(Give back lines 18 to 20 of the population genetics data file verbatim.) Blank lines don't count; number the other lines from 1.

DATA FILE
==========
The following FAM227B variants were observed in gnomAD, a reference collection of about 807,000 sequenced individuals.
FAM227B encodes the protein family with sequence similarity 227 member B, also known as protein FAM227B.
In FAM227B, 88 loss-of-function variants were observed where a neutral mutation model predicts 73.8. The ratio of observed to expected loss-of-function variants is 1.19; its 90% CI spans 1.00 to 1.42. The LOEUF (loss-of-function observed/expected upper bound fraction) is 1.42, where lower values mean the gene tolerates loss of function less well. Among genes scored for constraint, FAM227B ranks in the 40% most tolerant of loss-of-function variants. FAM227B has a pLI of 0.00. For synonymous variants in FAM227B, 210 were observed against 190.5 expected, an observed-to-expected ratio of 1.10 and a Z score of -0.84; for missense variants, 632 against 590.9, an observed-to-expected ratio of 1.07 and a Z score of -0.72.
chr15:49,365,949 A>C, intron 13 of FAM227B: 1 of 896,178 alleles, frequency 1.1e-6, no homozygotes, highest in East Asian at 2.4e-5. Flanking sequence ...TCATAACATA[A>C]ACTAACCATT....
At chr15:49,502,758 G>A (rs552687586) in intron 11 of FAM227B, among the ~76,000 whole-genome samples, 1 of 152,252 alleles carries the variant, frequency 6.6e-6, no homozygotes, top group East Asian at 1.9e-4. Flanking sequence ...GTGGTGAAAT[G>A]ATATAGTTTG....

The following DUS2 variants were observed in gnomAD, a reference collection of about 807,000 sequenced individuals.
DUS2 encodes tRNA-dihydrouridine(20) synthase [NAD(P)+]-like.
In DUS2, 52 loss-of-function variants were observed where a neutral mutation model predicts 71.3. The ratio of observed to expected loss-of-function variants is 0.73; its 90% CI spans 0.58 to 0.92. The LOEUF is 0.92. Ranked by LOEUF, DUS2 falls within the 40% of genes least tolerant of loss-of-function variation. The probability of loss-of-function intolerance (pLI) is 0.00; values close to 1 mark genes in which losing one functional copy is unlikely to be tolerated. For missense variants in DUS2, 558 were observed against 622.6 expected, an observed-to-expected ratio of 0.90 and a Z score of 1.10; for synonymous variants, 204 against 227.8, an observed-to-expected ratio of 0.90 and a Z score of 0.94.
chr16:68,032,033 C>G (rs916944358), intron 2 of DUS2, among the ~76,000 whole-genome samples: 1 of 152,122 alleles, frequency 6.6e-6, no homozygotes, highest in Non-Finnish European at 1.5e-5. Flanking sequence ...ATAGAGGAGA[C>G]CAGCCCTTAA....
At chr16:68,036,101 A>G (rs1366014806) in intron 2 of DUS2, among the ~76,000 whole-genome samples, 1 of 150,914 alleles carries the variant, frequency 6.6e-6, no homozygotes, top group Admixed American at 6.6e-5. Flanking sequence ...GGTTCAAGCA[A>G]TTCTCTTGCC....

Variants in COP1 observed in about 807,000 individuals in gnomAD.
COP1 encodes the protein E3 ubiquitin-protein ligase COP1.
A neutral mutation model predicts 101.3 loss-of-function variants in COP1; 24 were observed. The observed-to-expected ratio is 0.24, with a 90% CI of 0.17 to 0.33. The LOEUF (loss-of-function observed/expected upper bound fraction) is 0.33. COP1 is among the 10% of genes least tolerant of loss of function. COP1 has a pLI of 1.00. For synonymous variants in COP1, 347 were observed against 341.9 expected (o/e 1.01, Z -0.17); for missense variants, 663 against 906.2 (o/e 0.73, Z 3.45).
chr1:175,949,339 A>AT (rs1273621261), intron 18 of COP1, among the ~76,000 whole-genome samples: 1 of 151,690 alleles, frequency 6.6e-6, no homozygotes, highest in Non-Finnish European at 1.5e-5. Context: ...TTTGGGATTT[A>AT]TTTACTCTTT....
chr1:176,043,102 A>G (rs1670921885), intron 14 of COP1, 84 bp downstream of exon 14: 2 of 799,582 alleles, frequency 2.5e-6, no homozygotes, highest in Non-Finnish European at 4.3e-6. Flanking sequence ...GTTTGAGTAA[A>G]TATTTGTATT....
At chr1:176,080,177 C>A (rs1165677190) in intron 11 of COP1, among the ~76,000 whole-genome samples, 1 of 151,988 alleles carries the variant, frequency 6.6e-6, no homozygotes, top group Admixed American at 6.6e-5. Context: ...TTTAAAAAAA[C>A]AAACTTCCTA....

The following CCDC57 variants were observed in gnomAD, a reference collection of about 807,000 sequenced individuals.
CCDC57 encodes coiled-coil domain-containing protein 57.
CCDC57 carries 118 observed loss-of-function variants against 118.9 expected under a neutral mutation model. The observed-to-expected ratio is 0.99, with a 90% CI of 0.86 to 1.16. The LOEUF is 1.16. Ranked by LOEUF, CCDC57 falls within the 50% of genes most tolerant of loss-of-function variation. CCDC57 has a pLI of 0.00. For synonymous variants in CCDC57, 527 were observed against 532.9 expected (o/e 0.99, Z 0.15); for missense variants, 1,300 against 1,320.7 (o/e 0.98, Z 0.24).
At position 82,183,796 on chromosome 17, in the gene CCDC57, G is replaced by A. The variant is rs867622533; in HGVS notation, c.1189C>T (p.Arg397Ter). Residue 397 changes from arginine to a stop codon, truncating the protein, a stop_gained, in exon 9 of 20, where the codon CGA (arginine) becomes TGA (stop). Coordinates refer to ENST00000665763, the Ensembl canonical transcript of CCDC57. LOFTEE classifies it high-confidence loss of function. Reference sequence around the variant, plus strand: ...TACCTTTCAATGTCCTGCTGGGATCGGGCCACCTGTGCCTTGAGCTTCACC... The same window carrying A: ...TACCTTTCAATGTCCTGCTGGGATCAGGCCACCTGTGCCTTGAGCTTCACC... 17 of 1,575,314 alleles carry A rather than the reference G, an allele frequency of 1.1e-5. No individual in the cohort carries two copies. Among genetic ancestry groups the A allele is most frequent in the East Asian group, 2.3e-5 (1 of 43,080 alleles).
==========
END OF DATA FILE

CCDC57 encodes coiled-coil domain-containing protein 57.
CCDC57 carries 118 observed loss-of-function variants against 118.9 expected under a neutral mutation model. The observed-to-expected ratio is 0.99, with a 90% CI of 0.86 to 1.16. The LOEUF is 1.16. Ranked by LOEUF, CCDC57 falls within the 50% of genes most tolerant of loss-of-function variation. CCDC57 has a pLI of 0.00. For synonymous variants in CCDC57, 527 were observed against 532.9 expected (o/e 0.99, Z 0.15); for missense variants, 1,300 against 1,320.7 (o/e 0.98, Z 0.24).
At position 82,183,796 on chromosome 17, in the gene CCDC57, G is replaced by A. The variant is rs867622533; in HGVS notation, c.1189C>T (p.Arg397Ter). Residue 397 changes from arginine to a stop codon, truncating the protein, a stop_gained, in exon 9 of 20, where the codon CGA (arginine) becomes TGA (stop). Coordinates refer to ENST00000665763, the Ensembl canonical transcript of CCDC57. LOFTEE classifies it high-confidence loss of function. Reference sequence around the variant, plus strand: ...TACCTTTCAATGTCCTGCTGGGATCGGGCCACCTGTGCCTTGAGCTTCACC... The same window carrying A: ...TACCTTTCAATGTCCTGCTGGGATCAGGCCACCTGTGCCTTGAGCTTCACC... 17 of 1,575,314 alleles carry A rather than the reference G, an allele frequency of 1.1e-5. No individual in the cohort carries two copies. Among genetic ancestry groups the A allele is most frequent in the East Asian group, 2.3e-5 (1 of 43,080 alleles).